CPAP Therapy

CPAP vs. BiPAP: How to Know if You Need a BiPAP Machine

Do you think you need a BiPAP machine? BiPAP, or “BiLevel,” machines are very different from CPAP and APAP machines. In this article, we’ll share the pros and cons of each as well as what makes them different, and why you may benefit from one over the other. 

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The Differences Between CPAP, APAP, and BiPAP MachinesCPAP Machine Types Infographic
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What’s a CPAP Machine?

CPAP is an acronym that stands for “Continuous Positive Airway Pressure,” and is used to treat Obstructive Sleep Apnea (OSA). The continuous supply of pressurized air from the CPAP machine applies enough pressure to keep your airways open while you sleep.

As a result, you can achieve the uninterrupted breathing needed for quality sleep. CPAP machines supply pressurized air at one specific pressure, and can’t change pressures automatically like an APAP machine can.

Who is it good for? CPAP machines are good for anyone who has been on the same pressure for many years, and who hasn’t needed a lot of adjustments over time.

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What’s an APAP Machine?

The key difference between CPAP and APAP is important when considering your breathing needs: an APAP machine can automatically adjust to whatever pressure is right for you, while CPAP machines cannot. Many people report that using an APAP machine improves their comfort level because of the automatic pressure adjustments.

Who is it good for? APAP machines are intended for anyone who needs frequent pressure adjustments or people who may be active sleepers, as they may need multiple adjustments during the night.


Related Reading: BiPAP Machine vs. APAP Machine: Differences and Uses of Both


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What’s a BiPAP Machine?

BiPAP, or BiLevel, devices use two different pressures, a higher pressure for inhalation and a lower pressure for exhalation. It’s important to point out that while this is often more comfortable, BiPAP machines aren’t simply a “better APAP machine.” BiLevel machines are oftentimes are used to treat conditions such as Central Sleep Apnea or Complex Sleep Apnea because of the machine’s unique ability to prompt breathing.

CPAP machines and APAP machines have their own pressure reduction systems built-in, often called “exhale relief” or “pressure relief.” It’s not the same as a BiPAP, but it’s a system designed to improve overall user comfort.

Ultimately, it’s your physician’s decision whether or not you’d need a BiPAP, and it’s important to remember it’s only for a specific medical purpose.

Who is BiPAP for? BiPAP is for anyone who suffers from Central Sleep Apnea, Complex Sleep Apnea, Congestive Heart Failure, or COPD, among other conditions. It can be used to treat Obstructive Sleep Apnea, but there are far less expensive options available if that’s the only reason you’d prefer a BiLevel therapy device.

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What’s the difference between CPAP and BiPAP?

There is one major difference between CPAP and BiPAP machines. CPAP machines are set at one single pressure, while BiPAP machines are programmed with two distinct pressures, one for inhaling and one for exhaling. CPAP machines are primarily used to treat Obstructive Sleep Apnea, while BiPAP machines are used to treat Central Sleep Apnea, Complex Sleep Apnea, or COPD.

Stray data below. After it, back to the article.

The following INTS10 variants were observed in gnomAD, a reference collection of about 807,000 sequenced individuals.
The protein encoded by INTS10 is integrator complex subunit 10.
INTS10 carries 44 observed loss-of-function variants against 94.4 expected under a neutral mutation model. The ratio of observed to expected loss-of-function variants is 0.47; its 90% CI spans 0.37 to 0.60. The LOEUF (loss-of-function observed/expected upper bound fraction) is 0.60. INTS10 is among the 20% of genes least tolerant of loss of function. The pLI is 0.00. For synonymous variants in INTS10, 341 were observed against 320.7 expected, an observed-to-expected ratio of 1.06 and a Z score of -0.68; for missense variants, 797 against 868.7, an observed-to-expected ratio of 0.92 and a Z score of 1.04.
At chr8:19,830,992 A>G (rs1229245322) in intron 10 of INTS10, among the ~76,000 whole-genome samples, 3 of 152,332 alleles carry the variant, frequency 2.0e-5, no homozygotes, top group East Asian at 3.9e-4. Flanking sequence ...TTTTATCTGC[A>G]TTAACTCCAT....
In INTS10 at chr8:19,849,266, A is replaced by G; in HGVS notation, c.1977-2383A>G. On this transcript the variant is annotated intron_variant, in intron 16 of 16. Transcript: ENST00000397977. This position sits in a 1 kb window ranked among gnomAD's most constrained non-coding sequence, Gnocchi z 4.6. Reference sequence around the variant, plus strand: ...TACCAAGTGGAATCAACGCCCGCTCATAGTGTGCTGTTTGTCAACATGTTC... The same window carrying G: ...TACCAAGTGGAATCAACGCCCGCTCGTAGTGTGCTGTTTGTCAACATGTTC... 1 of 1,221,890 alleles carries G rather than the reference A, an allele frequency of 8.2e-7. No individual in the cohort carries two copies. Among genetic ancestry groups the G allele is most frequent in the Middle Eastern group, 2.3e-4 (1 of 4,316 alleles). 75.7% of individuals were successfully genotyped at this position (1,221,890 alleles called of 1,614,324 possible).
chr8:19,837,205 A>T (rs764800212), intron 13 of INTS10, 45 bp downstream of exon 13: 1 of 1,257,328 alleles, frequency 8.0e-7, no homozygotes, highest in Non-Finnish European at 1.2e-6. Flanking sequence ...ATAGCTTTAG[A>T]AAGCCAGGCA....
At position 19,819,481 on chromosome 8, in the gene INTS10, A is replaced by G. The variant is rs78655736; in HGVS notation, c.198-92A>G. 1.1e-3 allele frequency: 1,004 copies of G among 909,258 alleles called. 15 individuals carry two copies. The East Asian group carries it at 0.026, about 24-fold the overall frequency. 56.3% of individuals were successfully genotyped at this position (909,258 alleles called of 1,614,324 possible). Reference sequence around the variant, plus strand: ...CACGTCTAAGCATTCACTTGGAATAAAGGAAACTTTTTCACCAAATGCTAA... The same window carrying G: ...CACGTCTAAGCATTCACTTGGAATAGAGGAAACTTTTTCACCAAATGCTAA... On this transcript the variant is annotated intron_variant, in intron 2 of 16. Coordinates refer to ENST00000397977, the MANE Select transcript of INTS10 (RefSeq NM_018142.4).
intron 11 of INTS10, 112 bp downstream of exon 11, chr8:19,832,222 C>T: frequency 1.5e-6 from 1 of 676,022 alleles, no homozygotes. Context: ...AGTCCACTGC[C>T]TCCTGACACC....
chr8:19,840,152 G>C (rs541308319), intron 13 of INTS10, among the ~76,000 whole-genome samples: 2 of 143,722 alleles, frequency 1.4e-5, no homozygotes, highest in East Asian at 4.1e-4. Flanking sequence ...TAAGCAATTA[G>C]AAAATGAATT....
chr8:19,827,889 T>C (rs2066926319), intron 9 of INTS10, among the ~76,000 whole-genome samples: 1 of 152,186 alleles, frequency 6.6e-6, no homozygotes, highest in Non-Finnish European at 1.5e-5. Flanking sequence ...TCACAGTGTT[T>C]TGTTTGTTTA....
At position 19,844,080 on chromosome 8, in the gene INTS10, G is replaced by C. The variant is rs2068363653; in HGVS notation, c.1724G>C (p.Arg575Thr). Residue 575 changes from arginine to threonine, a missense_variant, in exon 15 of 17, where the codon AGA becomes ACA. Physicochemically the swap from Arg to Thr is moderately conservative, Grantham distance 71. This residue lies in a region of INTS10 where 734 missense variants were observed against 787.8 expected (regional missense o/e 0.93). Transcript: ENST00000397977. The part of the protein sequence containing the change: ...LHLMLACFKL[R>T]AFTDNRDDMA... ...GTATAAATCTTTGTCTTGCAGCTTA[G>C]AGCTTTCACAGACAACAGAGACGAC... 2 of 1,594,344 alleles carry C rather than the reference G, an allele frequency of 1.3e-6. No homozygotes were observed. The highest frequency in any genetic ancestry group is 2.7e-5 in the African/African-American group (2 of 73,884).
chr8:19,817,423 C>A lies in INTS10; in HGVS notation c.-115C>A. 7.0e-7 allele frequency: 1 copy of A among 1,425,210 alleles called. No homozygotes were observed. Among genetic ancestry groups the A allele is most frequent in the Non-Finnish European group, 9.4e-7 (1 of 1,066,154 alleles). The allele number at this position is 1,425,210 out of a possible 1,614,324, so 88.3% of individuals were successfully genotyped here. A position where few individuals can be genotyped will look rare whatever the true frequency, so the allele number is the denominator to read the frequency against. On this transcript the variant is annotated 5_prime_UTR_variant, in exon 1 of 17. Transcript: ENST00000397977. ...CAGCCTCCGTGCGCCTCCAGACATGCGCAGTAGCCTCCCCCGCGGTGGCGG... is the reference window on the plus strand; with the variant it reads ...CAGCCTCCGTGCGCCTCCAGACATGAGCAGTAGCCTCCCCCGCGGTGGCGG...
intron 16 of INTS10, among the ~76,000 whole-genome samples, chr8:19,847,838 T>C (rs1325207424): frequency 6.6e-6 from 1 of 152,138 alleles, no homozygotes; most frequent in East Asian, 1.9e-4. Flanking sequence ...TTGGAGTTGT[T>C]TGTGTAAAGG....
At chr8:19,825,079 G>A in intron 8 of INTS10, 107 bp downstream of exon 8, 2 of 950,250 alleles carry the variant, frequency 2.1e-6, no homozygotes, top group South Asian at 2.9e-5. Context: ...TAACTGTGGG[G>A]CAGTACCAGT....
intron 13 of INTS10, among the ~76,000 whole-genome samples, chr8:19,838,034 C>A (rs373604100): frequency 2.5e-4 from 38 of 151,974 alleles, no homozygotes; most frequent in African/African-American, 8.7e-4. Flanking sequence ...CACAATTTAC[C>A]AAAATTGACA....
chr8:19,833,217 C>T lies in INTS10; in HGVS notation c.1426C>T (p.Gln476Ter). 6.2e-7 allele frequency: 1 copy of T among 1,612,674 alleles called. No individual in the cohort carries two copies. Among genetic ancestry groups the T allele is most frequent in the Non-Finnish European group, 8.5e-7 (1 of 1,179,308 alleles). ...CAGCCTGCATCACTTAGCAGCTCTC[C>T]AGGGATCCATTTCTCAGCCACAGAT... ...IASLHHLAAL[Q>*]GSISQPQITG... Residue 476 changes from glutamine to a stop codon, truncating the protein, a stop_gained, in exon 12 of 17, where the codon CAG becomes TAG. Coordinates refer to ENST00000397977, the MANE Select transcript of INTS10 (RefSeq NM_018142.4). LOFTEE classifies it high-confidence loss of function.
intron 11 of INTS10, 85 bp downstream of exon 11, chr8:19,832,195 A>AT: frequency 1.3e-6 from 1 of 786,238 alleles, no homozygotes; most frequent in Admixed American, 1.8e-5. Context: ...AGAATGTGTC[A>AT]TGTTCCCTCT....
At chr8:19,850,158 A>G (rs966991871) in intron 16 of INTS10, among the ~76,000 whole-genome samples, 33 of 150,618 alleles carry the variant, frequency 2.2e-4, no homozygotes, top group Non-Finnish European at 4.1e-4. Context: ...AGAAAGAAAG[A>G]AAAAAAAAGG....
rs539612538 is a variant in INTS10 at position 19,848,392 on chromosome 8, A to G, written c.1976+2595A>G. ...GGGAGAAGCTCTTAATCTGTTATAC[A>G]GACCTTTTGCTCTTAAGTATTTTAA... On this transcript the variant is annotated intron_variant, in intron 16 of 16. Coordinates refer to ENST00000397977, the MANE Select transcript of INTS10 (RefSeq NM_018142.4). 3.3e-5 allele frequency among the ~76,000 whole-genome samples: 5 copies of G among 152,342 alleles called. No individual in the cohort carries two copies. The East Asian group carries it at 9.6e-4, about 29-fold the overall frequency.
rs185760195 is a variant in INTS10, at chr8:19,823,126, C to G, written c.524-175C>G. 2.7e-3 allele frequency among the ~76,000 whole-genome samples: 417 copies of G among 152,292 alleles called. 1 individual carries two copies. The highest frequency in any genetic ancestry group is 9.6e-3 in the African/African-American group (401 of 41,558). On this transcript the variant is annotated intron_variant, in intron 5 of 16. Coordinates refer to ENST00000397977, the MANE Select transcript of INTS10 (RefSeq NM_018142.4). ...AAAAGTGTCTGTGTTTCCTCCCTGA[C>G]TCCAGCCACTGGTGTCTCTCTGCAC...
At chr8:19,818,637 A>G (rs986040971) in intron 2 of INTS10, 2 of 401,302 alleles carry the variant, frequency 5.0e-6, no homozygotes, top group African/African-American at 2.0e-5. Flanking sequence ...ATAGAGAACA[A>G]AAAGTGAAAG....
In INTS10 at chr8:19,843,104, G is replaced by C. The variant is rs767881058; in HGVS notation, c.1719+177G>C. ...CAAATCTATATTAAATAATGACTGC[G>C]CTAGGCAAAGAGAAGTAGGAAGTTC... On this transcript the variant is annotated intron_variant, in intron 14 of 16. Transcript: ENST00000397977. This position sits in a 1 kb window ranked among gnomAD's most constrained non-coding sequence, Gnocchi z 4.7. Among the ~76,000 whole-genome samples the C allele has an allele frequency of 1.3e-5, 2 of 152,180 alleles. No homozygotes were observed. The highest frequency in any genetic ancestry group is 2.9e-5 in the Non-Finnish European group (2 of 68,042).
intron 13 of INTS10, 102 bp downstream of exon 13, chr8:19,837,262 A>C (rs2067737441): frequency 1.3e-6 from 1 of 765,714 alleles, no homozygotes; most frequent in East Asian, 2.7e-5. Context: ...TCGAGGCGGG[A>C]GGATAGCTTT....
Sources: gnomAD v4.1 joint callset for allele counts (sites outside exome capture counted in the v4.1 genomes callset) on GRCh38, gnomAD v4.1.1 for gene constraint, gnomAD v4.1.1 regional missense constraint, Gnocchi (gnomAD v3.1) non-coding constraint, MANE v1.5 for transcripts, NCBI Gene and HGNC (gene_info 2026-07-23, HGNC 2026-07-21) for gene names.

Here are a few other key differences between the machines:

  • There is no ultra-portable BiPAP machine, while there are travel CPAPs
  • Unlike CPAP’s, BiPAP machines can deliver pressure settings up to a setting of 25.
  • BiPAP machines may be more comfortable because of the two different pressures.

Also, sensors in the BiPAP machine detect an increase in airflow as you inhale and immediately add to this inhaled airflow, increasing its volume. When you breathe out, sensors indicate that airflow has stopped and it reduces the amount of air pressure applied to the airway. As a result of this change in airflow, breathing becomes easier.

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What is BiPAP Therapy? How Does It Work?

The key thing that makes a BiPAP different from other PAP therapy devices is its use of two distinct pressures: IPAP and EPAP. IPAP stands for “inspiratory positive airway pressure” (the set pressure for inhaling). EPAP stands for “expiratory positive airway pressure,” or the set pressure for exhaling.

When you breathe in, IPAP kicks in and delivers a higher pressure for you when you’re inhaling, and when you breathe out, EPAP activates and delivers a lower pressure as you exhale, so you’re not fighting against the incoming air.

What’s the Process for Starting BiPAP Therapy?

The process for getting started with a BiLevel device is similar to how you’d get started with a CPAP machine. Here are the steps you would typically follow to start BiPAP therapy:

  1. Make an appointment with a Sleep Specialist.
  2. At the appointment, the Sleep Specialist will examine your airway and likely prescribe a Sleep Study.
  3. Sleep Studies can either be done in a lab or at home. Most people will be able to do the test at home. However, if there’s something else going on, like restless leg syndrome, you may need to do your test in a sleep lab.
  4. Once the results of the test come back, your physician will determine the right treatment plan for you. If you have Complex Sleep Apnea or Central Sleep Apnea, you may be prescribed a BiPAP machine. If you’re diagnosed with Obstructive Sleep Apnea, you’ll most likely be prescribed a CPAP or APAP machine.
  5. From there, you’ll take your prescription for a PAP therapy device and either purchase a PAP machine on your own, from a company like CPAP.com, for a lower price; or you can go through your insurance and possibly pay more as well as deal with compliance restrictions.

Related Reading: CPAP Machine Cost & Insurance: Everything You Need to Know 


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BiPAP Mask vs. CPAP Mask: What’s the Difference?

There’s actually no such thing as a BiPAP mask. Any mask that works for a CPAP machine or an APAP machine will work for a BiPAP machine. While it is true that BiLevel machines work differently from CPAP and APAP machines, there’s no change in the type of masks you can choose from. The best mask for your therapy depends on your preference.